To describe a rare case of bilateral Candida keratitis after contact lens use following bilateral penetrating keratoplasty (PK).
A 40-year-old female with a clinical diagnosis of Sjögren’s syndrome was being followed for corneal thinning in both eyes. She suffered a spontaneous bilateral perforation and underwent penetrating keratoplasty. Therapeutic contact lenses were prescribed for both eyes owing to persistent epithelial defects. Two months later, a biomicroscopic examination revealed corneal infiltrates.
A corneal tissue sample, saline, and contact lens cultures were all positive for Candida albicans. Topical and systemic antifungal therapy successfully cleared the infection in the right eye; however, the left eye underwent another corneal graft surgery.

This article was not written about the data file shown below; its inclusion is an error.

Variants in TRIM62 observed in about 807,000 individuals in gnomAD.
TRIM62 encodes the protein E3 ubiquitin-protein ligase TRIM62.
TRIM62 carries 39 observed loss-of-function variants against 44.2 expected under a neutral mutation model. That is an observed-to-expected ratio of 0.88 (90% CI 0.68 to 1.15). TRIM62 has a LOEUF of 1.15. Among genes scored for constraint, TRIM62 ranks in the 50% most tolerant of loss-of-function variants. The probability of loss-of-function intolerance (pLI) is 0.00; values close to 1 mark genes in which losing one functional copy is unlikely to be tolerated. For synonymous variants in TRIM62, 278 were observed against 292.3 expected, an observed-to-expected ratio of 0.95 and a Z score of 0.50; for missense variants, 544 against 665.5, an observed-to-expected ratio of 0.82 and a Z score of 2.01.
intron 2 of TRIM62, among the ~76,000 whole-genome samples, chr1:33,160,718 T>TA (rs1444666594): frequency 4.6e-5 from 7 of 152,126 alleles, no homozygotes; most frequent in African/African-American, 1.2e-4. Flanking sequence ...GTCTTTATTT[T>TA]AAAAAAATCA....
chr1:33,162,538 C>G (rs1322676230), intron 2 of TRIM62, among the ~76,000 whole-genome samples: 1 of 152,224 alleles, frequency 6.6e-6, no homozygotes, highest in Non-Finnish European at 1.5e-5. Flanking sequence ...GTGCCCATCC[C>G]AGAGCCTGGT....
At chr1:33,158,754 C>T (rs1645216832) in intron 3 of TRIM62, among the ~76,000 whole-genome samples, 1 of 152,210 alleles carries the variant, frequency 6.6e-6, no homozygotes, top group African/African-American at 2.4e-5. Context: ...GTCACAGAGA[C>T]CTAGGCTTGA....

Infectious fungal keratitis may be a complication of wearing therapeutic contact lenses after PK, in a patient with Sjögren’s syndrome. The pre-existing eye disease is an important associated factor in cases of yeast infection; therefore, adequate care of these patients and careful follow-up after PK are indicated as measures to prevent early infections.